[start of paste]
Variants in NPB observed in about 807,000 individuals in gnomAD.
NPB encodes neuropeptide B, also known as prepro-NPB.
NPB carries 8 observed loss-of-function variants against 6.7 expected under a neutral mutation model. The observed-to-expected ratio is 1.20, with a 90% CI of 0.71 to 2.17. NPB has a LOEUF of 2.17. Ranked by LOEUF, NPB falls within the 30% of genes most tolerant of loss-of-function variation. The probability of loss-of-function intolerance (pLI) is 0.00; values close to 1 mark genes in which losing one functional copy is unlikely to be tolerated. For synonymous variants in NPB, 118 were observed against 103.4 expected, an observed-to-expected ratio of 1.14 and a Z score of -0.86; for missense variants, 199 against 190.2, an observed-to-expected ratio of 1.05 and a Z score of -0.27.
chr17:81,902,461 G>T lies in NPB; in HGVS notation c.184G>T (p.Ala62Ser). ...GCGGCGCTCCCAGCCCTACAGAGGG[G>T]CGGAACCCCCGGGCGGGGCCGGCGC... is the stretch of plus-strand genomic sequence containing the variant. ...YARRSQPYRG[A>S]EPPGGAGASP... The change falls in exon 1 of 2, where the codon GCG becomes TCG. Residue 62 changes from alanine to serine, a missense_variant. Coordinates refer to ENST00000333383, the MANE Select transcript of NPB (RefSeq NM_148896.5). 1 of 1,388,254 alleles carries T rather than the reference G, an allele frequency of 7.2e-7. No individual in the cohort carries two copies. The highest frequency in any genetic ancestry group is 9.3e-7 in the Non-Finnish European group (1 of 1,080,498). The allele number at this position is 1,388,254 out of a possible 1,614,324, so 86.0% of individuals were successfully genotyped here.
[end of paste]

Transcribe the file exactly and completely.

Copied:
Variants in NPB observed in about 807,000 individuals in gnomAD.
NPB encodes neuropeptide B, also known as prepro-NPB.
NPB carries 8 observed loss-of-function variants against 6.7 expected under a neutral mutation model. The observed-to-expected ratio is 1.20, with a 90% CI of 0.71 to 2.17. NPB has a LOEUF of 2.17. Ranked by LOEUF, NPB falls within the 30% of genes most tolerant of loss-of-function variation. The probability of loss-of-function intolerance (pLI) is 0.00; values close to 1 mark genes in which losing one functional copy is unlikely to be tolerated. For synonymous variants in NPB, 118 were observed against 103.4 expected, an observed-to-expected ratio of 1.14 and a Z score of -0.86; for missense variants, 199 against 190.2, an observed-to-expected ratio of 1.05 and a Z score of -0.27.
chr17:81,902,461 G>T lies in NPB; in HGVS notation c.184G>T (p.Ala62Ser). ...GCGGCGCTCCCAGCCCTACAGAGGG[G>T]CGGAACCCCCGGGCGGGGCCGGCGC... is the stretch of plus-strand genomic sequence containing the variant. ...YARRSQPYRG[A>S]EPPGGAGASP... The change falls in exon 1 of 2, where the codon GCG becomes TCG. Residue 62 changes from alanine to serine, a missense_variant. Coordinates refer to ENST00000333383, the MANE Select transcript of NPB (RefSeq NM_148896.5). 1 of 1,388,254 alleles carries T rather than the reference G, an allele frequency of 7.2e-7. No individual in the cohort carries two copies. The highest frequency in any genetic ancestry group is 9.3e-7 in the Non-Finnish European group (1 of 1,080,498). The allele number at this position is 1,388,254 out of a possible 1,614,324, so 86.0% of individuals were successfully genotyped here.